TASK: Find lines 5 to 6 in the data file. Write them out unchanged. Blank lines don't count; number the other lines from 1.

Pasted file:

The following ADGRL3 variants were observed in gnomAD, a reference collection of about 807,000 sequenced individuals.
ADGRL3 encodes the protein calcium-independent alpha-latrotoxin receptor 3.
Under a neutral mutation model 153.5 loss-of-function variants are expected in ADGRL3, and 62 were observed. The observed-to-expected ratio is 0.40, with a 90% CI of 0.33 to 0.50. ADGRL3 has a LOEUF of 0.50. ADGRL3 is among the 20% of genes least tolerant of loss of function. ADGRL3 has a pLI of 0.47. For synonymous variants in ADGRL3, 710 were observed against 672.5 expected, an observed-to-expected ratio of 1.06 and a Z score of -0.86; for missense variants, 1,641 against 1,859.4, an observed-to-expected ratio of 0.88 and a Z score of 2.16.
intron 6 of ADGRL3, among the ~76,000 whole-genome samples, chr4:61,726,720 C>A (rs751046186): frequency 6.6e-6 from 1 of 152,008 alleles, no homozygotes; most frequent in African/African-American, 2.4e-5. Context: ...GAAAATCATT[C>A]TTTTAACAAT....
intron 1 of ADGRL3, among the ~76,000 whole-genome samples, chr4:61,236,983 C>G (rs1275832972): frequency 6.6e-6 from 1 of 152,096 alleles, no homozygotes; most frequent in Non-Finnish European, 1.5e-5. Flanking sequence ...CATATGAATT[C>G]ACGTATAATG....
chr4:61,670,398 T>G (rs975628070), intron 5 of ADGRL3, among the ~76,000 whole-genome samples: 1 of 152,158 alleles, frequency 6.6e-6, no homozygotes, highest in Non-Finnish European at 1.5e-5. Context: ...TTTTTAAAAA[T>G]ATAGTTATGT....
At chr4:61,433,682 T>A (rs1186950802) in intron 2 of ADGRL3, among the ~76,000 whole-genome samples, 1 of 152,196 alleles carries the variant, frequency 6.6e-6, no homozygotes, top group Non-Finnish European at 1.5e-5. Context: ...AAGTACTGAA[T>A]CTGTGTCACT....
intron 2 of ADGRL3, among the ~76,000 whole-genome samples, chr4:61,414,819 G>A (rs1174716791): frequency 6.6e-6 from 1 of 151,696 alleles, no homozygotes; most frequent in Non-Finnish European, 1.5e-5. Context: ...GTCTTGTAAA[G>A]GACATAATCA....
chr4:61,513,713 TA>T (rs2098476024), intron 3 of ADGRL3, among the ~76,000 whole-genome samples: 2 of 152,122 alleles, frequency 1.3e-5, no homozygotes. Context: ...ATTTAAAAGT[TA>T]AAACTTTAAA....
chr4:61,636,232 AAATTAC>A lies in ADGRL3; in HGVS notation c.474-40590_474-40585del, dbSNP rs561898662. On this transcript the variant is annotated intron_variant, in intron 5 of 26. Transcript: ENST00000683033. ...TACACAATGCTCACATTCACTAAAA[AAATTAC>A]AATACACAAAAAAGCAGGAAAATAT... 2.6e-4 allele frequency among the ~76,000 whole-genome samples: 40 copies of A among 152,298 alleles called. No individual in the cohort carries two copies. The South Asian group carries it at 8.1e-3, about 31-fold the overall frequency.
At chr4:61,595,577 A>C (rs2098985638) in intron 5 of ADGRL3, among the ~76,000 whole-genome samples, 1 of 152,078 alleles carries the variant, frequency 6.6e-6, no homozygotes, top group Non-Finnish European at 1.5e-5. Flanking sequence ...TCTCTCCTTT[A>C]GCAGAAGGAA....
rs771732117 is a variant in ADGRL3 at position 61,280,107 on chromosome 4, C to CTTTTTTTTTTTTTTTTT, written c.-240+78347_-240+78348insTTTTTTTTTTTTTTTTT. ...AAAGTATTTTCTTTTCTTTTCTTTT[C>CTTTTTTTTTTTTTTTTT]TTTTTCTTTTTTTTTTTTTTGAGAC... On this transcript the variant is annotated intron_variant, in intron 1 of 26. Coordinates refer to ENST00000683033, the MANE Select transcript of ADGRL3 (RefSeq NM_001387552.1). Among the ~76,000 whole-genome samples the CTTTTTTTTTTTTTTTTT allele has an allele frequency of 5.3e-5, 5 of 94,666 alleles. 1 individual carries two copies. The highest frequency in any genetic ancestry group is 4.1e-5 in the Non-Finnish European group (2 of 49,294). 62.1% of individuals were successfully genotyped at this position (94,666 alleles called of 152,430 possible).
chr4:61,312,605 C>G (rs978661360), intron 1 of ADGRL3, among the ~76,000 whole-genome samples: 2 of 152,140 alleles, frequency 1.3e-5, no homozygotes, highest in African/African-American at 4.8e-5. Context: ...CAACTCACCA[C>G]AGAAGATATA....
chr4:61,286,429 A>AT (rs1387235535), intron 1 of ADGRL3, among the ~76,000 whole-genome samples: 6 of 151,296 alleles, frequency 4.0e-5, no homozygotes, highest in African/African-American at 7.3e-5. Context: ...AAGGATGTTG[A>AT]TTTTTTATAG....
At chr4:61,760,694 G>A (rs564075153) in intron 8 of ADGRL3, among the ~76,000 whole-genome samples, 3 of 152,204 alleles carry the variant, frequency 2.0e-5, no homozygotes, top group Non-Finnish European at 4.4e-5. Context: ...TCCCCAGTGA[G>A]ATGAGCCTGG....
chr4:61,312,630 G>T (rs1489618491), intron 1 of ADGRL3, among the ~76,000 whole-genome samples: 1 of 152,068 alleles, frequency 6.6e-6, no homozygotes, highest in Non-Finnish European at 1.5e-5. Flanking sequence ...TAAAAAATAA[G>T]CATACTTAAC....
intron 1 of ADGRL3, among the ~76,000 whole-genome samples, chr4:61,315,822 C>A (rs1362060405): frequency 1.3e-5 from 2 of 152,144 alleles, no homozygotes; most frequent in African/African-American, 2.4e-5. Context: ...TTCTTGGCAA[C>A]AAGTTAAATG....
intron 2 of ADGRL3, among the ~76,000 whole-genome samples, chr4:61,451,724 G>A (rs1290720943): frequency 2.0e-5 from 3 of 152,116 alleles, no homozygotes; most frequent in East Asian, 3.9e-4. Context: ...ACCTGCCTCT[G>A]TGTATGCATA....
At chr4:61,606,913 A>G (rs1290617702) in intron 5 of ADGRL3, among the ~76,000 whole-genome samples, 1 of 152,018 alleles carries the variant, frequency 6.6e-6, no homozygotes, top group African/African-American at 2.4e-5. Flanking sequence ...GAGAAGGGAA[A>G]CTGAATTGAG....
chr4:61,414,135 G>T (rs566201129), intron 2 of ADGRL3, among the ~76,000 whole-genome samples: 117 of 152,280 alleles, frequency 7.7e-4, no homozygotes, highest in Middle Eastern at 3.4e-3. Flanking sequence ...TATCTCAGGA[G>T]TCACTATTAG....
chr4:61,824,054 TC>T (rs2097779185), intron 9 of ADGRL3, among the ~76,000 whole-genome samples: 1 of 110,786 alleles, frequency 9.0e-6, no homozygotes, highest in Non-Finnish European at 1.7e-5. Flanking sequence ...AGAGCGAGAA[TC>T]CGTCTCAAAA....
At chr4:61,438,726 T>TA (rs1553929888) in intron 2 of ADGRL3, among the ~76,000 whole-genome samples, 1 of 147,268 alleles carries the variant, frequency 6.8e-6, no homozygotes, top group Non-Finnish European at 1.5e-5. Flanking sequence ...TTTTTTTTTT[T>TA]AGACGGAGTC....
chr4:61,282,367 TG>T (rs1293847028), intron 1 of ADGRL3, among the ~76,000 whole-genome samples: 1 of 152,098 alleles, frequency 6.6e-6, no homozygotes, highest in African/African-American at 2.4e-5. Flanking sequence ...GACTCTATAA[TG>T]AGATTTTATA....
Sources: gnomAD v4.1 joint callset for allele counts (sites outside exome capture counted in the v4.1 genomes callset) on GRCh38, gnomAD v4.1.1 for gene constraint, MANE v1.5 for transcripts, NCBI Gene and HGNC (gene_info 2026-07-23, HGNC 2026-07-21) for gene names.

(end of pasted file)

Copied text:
intron 1 of ADGRL3, among the ~76,000 whole-genome samples, chr4:61,236,983 C>G (rs1275832972): frequency 6.6e-6 from 1 of 152,096 alleles, no homozygotes; most frequent in Non-Finnish European, 1.5e-5. Flanking sequence ...CATATGAATT[C>G]ACGTATAATG....
chr4:61,670,398 T>G (rs975628070), intron 5 of ADGRL3, among the ~76,000 whole-genome samples: 1 of 152,158 alleles, frequency 6.6e-6, no homozygotes, highest in Non-Finnish European at 1.5e-5. Context: ...TTTTTAAAAA[T>G]ATAGTTATGT....